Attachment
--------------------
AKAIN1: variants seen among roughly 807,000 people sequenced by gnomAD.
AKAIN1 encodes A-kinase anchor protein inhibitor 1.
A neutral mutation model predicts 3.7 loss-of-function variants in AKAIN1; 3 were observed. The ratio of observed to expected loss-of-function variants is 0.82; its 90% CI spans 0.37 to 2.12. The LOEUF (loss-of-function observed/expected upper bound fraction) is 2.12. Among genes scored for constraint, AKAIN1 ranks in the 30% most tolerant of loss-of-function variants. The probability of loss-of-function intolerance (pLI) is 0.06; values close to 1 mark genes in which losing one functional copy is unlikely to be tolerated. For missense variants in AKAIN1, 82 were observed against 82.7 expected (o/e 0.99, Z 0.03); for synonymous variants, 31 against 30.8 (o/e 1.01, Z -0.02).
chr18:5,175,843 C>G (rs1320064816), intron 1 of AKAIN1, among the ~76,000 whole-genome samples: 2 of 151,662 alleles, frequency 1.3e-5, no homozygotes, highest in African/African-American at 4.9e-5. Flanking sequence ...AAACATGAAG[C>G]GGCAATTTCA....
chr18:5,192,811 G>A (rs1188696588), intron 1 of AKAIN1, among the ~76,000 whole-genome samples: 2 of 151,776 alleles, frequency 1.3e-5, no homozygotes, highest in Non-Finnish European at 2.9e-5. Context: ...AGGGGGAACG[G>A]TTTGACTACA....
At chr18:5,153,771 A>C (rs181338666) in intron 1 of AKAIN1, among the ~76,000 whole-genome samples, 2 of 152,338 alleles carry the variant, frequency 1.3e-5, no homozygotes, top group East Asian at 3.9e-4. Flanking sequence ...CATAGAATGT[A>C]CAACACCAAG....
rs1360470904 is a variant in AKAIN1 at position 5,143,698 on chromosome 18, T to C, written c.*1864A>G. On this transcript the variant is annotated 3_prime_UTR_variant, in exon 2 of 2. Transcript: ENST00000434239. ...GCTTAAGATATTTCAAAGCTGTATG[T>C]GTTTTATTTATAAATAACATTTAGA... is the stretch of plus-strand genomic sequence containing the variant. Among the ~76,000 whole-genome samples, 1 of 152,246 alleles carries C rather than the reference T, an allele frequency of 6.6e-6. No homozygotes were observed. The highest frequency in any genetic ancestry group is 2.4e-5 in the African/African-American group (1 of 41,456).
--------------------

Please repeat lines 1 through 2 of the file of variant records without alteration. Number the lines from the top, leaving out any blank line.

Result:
AKAIN1: variants seen among roughly 807,000 people sequenced by gnomAD.
AKAIN1 encodes A-kinase anchor protein inhibitor 1.